The Colorado-based consultancy will help the MBTA oversee the firms that will build the $2.2 billion trolley extension. |File Photo1/2
The Colorado-based consultancy will help the MBTA oversee the firms that will build the $2.2 billion trolley extension. |File Photo
The Green Line extension includes seven new stations from Lechmere station in Camb|MBTA2/2
The Green Line extension includes seven new stations from Lechmere station in Camb|MBTA
The Green Line extension into Somerville and Medford is among 50 infrastructure projects throughout the country that the Trump administration has deemed a priority.
To go forward with the long-stalled $2.3 billion work, the MBTA is banking on about $1 billion in federal funds.
Project leaders are meeting with Federal Transit Administration officials this week to review the revised scope and costs of the project, MBTA spokesman Joe Pesaturo said.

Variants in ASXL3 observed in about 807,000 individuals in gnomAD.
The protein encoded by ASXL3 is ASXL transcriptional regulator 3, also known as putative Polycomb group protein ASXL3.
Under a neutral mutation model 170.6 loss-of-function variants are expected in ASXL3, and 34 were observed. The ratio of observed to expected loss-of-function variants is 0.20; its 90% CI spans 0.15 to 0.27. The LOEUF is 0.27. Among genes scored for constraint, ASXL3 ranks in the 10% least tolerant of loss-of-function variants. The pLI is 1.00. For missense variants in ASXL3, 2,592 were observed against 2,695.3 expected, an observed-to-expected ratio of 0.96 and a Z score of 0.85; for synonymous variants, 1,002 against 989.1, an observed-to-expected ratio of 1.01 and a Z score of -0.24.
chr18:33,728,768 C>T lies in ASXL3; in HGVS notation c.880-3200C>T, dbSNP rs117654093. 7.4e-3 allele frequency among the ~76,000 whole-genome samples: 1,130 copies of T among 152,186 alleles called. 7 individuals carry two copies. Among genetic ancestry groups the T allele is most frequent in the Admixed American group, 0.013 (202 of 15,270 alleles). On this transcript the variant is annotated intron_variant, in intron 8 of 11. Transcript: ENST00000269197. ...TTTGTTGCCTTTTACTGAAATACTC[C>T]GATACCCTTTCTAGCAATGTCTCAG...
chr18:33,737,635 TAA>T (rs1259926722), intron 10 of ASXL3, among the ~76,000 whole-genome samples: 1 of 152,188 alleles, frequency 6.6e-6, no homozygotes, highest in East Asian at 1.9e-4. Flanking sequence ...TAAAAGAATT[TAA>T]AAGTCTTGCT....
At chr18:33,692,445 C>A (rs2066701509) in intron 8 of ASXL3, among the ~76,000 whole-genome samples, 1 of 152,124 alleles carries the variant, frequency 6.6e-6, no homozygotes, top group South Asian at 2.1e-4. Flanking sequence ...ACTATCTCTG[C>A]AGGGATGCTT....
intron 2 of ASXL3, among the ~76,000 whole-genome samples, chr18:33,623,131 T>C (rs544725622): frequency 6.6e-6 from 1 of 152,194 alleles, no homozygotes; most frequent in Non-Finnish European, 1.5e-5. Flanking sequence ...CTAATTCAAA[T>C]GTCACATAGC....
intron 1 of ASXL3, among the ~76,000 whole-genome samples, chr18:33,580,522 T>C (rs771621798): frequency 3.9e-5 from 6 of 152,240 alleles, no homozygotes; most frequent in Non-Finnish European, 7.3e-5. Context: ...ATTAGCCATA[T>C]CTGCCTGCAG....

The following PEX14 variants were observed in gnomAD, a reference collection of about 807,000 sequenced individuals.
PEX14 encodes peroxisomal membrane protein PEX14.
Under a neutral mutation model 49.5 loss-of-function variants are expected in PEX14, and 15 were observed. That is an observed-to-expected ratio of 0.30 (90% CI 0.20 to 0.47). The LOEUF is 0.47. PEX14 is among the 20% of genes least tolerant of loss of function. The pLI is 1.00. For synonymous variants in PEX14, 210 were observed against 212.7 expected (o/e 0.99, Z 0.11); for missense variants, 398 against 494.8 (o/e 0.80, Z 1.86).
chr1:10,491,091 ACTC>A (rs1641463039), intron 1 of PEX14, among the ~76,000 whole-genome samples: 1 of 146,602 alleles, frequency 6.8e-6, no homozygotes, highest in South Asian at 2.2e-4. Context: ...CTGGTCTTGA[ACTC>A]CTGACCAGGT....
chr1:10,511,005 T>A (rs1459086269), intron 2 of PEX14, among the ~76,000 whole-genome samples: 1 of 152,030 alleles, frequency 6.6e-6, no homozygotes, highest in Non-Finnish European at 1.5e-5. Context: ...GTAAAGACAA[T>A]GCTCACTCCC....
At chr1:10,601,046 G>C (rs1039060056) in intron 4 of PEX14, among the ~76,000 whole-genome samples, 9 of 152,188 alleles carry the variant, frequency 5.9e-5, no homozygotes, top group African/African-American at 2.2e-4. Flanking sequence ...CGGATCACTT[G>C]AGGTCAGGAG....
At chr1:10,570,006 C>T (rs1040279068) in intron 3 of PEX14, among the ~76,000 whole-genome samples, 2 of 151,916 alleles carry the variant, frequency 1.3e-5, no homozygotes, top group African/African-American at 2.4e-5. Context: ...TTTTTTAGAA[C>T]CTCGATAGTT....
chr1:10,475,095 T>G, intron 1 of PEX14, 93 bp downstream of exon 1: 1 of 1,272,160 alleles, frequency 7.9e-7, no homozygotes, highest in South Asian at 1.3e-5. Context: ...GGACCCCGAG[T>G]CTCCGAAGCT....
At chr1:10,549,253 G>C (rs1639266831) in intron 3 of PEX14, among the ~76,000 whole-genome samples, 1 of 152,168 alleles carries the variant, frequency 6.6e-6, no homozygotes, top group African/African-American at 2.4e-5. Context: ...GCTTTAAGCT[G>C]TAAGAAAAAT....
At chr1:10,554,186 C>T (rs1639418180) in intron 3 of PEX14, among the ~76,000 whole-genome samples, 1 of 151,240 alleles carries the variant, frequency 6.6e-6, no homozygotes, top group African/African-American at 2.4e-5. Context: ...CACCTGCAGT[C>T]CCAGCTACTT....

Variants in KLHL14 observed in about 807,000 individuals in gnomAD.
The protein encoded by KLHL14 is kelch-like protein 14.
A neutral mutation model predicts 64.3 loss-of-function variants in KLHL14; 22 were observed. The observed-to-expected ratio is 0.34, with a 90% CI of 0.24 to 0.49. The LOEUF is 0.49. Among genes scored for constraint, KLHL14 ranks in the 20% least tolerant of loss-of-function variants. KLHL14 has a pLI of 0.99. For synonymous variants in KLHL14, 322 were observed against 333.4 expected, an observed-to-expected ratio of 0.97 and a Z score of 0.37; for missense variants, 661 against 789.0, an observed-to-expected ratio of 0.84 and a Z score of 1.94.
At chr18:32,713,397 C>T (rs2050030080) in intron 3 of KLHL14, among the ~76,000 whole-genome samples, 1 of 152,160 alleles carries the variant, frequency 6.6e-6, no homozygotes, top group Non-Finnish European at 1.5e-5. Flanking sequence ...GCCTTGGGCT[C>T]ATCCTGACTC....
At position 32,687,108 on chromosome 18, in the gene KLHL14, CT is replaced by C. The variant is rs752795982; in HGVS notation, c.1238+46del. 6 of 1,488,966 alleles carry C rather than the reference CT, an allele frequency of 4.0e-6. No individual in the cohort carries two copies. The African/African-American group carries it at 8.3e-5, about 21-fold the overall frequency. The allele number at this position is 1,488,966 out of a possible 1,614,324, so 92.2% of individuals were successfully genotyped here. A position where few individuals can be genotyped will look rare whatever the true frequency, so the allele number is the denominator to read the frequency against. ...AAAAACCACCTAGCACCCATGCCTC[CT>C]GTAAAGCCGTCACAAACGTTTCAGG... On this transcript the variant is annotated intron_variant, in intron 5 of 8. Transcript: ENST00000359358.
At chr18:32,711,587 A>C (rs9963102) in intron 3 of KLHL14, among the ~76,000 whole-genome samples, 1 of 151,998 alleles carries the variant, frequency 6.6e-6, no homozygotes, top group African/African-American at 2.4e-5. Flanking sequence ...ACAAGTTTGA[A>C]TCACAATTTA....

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“The project team is well prepared for these meetings, and looks forward to a productive discussion with FTA officials,” Pesaturo said, noting the meetings were scheduled over a month ago. He did not indicate when the MBTA expected to receive the final word on federal grants.
The list, published by the Kansas City Star, was compiled by President Donald Trump’s team and totals at least $137.5 billion worth of projects. It will be further prioritized by the administration. On the campaign trail, Trump indicated he would make repairing America’s highways, airports and bridges a priority.
Also on the list is widening a 20-mile segment of Interstate 93 in New Hampshire and repairing 15 bridges on Interstate 95 in Philadelphia. In New York, four projects include the planned expansion and renovation of the Northeast Corridor rail line between Newark, New Jersey and New York City; along with the continued expansion of the Second Avenue subway line.
The project has been plagued by budget overruns that have stalled its progression.
In August 2015, the MBTA halted the project when state officials realized they were about $1 billion over budget. A scaled-down version of the project includes seven new stations, which the project’s new manager announced last month would be open by 2021.